6 Proven Benefits of Running for Your Health

By      04-Jul 2020       Reading Time: 7 Mins

6 Proven Benefits of Running for Your Health

While pandemic stopped us from running behind our routine, it should not stop us from bracing up to put on our running shoes. Studies show that running just 5 to 10 minutes each day at a moderate pace may help reduce your risk of mortality from heart attacks, strokes, and other common diseases. But the same research also clears that these benefits top off at 4.5 hours a week, meaning there’s no need to run for hours each day since it is a high-impact exercise and overdoing can lead to injuries such as stress fractures and shin splints. How many days it’s safe for you to run each week depends on your physical fitness levels and goals. Scheduling days for cross training, strength training, and rest should be part of your fitness plan. They may make you a stronger and healthier runner overall.

  • Running helps in weight management
  • Since running involves continuously moving your entire body weight, running burns more calories than most other activities and it is even effective if you run slowly (but it takes little more time to show effect). Losing weight isn’t difficult but maintaining the weight is. Research has shown that individuals can lose significant amounts of weight in six months with help of a good balanced diet.
    Individuals exercising 200 to 300 minutes per week achieve better weight maintenance than those doing less than 150 minutes a week. It takes determination and consistency, but the effort is worthwhile, as lower body weight appears to enhance health-related quality of life.

  • Running improves blood glucose levels, and lowers risk of diabetes and pre-diabetes.
  • High blood glucose levels often have chances of developing diabetes and it shortens healthy lifespans. Running and other vigorous exercise can substantially improve blood glucose levels. It can also prevent those with pre-diabetes from developing Type 2 diabetes.

  • Running controls blood pressure.
  • A review article in the Journal of the American Society of Hypertension concluded that both aerobic and strength training “elicited significant reductions in both systolic and diastolic blood pressure.Running in combination with other moderate exercise is a proven, non-drug-related way to lower blood pressure.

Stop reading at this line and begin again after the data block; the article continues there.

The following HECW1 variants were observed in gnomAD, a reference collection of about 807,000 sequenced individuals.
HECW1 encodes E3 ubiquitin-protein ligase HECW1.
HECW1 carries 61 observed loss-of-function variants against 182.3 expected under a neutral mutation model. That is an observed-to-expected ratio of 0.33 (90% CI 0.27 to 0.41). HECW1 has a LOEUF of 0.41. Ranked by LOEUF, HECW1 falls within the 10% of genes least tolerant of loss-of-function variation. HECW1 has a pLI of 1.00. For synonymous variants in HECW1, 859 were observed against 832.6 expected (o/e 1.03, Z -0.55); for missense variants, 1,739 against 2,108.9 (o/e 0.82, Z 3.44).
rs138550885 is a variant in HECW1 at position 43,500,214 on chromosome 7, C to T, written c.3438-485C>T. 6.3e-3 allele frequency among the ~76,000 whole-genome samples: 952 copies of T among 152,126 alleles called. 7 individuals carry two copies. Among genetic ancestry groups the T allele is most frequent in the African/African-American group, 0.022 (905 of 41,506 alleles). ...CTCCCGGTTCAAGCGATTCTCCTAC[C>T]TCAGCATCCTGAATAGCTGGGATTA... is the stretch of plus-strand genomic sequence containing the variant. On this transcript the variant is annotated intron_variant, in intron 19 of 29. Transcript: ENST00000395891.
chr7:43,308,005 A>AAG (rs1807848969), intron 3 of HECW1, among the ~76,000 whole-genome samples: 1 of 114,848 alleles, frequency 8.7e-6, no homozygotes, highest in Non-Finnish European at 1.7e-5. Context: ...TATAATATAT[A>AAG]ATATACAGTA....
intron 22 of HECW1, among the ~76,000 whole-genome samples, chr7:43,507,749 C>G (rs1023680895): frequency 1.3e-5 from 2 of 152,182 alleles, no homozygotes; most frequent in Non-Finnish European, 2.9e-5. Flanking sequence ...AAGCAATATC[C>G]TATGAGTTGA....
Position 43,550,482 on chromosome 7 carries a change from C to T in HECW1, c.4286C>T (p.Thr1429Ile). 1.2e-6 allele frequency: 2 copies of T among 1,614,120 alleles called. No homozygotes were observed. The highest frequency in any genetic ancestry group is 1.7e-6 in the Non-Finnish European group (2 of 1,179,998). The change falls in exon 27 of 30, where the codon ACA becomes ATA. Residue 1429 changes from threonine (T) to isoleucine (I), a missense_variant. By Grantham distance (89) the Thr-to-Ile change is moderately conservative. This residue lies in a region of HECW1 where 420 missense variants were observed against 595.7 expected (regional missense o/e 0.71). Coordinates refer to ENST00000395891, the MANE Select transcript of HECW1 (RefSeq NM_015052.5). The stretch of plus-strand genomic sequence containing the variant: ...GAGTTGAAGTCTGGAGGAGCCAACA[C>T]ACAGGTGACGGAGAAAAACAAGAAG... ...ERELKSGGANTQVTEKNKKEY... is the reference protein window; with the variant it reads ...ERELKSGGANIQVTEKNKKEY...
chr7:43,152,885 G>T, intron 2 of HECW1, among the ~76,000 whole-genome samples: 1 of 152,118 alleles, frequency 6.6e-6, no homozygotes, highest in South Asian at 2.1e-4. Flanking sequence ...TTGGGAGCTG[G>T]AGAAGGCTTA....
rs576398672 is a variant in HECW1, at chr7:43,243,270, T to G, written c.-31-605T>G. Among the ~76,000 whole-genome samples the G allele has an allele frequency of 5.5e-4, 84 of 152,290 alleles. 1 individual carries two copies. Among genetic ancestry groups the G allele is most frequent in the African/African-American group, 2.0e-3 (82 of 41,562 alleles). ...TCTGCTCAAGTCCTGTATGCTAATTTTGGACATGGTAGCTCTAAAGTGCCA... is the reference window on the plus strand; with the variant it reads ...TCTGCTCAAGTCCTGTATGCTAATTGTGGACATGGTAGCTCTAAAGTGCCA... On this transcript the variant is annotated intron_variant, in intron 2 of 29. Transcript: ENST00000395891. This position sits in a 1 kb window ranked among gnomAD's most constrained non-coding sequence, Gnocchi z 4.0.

Earlier, steady, continuous workouts were thought to be most effective but now research supports higher intensity interval training for better blood pressure.

  • Running improves cognitive function, and reduces cognitive decline and Alzheimers.
  • Running raises heart rate and improves blood flow that includes oxygen-rich blood being pushed to the brain. One meta-analysis revealed that running improves brain function by stimulating the release of brain-derived neurotrophic factor (BDNF). This protein encourages the growth and survival of neurons in the brain. Another research showed that high fitness improves total brain volume, including gray matter. You can even begin running in your mid-life or later as it gives protection from the kinds of brain plaques linked to cognitive decline and Alzheimers.

  • Running improves mental health, and reduces depression.
  • Many runners take up the sport to improve their physical fitness. Running makes you feel better. It boosts good emotions, mood, mental energy, fewer blue days. Sometimes, what mediicnes and prescriptions can do, running can do.
    There is substantial proof supporting exercise use in the treatment of mental disorders, especially depression. As positive as this evidence appears, it does not mean you should rely on running and other fitness exercises alone when battling depression. Depression is a serious, widespread disease, and should be dealt with medical help.

  • Running builds your self-esteem.
  • Running not only helps physically but also plays a role psychologically. Running teaches us to take one step at a time and motivates us to keep going. It beautifully teaches us that effort produces results, no effort produces nothing. The effort is worth it. It builds confidence and self esteem to achieve every goal in your life.

Over to you
There are huge benefits of running on your short-term and long-term health. So hope you have got enough reasons to lace up your shoes and squeeze in that run today. Runners schedule rest days and cross training days to stay injury free. Include lower-impact activities like swimming and cycling on cross- training days to recover and give your hard-working running muscles a break.

If you aren’t sure how often to exercise or whether it’s safe for you, talk to a fitness trainer and ask if they can recommend a physical fitness program that’s appropriate for your age and fitness level.

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